Unfortunately, type specimen of P. polygoni is no longer in existence for re-evaluation, and the fungus has not been reported again since its first description. Efforts were thus made to locate Polygonum and related genera within the family Polygonaceae, with the symptoms as described by Sawada, hoping that P. polygoni could be rediscovered.

Materials and Methods

One genus of the family Polygonaceae, Rumex is a common weed in the Nanjing region of Jiangsu Province in mainland China. Field trips were made to detect and collect Rumex plants whose leaves showed leaf spot disease as described by Sawada (1922).

Freshly collected leaf specimens were prevented from dessication by keeping them in a petri dish with two pieces of moist filter paper on the bottom. They were exposed to natural daylight for 28_48 h at 18_20C to induce sporangial formation from leaf lesions. The diseased leaf was then examined under microscope at 150 for the presence of sporangia, which were then carefully scaped off on a glass slide and mounted in a drop of lactophenol, with or without 0.05% cotton blue.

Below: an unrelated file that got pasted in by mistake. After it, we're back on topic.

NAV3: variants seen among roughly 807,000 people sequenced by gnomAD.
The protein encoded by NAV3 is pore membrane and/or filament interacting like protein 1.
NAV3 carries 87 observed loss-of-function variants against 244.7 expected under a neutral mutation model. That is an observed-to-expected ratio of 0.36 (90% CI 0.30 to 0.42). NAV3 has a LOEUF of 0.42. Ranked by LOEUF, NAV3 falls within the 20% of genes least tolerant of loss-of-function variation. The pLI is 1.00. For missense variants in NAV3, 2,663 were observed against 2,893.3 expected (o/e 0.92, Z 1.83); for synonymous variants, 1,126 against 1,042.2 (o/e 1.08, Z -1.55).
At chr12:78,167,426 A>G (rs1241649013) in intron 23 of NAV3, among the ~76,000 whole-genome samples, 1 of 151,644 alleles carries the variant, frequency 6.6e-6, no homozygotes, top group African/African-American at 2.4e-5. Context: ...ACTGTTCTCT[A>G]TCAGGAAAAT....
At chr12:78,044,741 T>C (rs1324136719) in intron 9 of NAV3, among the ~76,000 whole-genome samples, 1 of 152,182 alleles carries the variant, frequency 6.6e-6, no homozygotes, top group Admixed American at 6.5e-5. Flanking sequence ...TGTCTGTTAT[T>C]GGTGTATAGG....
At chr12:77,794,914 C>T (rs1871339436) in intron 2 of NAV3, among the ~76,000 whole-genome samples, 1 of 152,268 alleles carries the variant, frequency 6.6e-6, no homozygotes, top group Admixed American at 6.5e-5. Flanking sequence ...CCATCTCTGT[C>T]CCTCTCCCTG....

In order to isolate the fungus, two kinds of culture media were used: Lima bean agar (Zhou et al., 1997) and V-8 agar (Ann et al., 1990). Prior to pouring agar medium into sterilized petri dishes, 50 g/ml each of penicillin, rifampicin, and PCNB (Pentachloronitrobenzene) were added. Diseased leaf was not surface-sterilized, but washed clean with running tap water and allowed to air-dry. Six small pieces of diseased tissue (about 4 4 mm) were cut out with a pair of scissors and placed along the edge of an agar plate, at equal distance from one another. At least three agar plates were used for each diseased leaf. In addition, diseased leaf tissues were also surface-sterilized for 5 minutes in 2% chlorine solution prepared by dissolving 1 bleach tablet in 10 ml distilled water. The bleach tablets are produced by Xuhang Chemical Company in Shanghai and marketed by Shanghai Pharmaceutical Company. The sterilized plant material was placed on Lima bean agar and V-8 agar plates without the addition of the above antimicrobial chemicals. The inoculated plates were incubated in dark at 18C or 25C for at least one week.

3Corresponding author. Tel: 914-257-3780; Fax: 914-257-3791; E-mail:

Botanical Bulletin of Academia Sinica, Vol. 39, 1998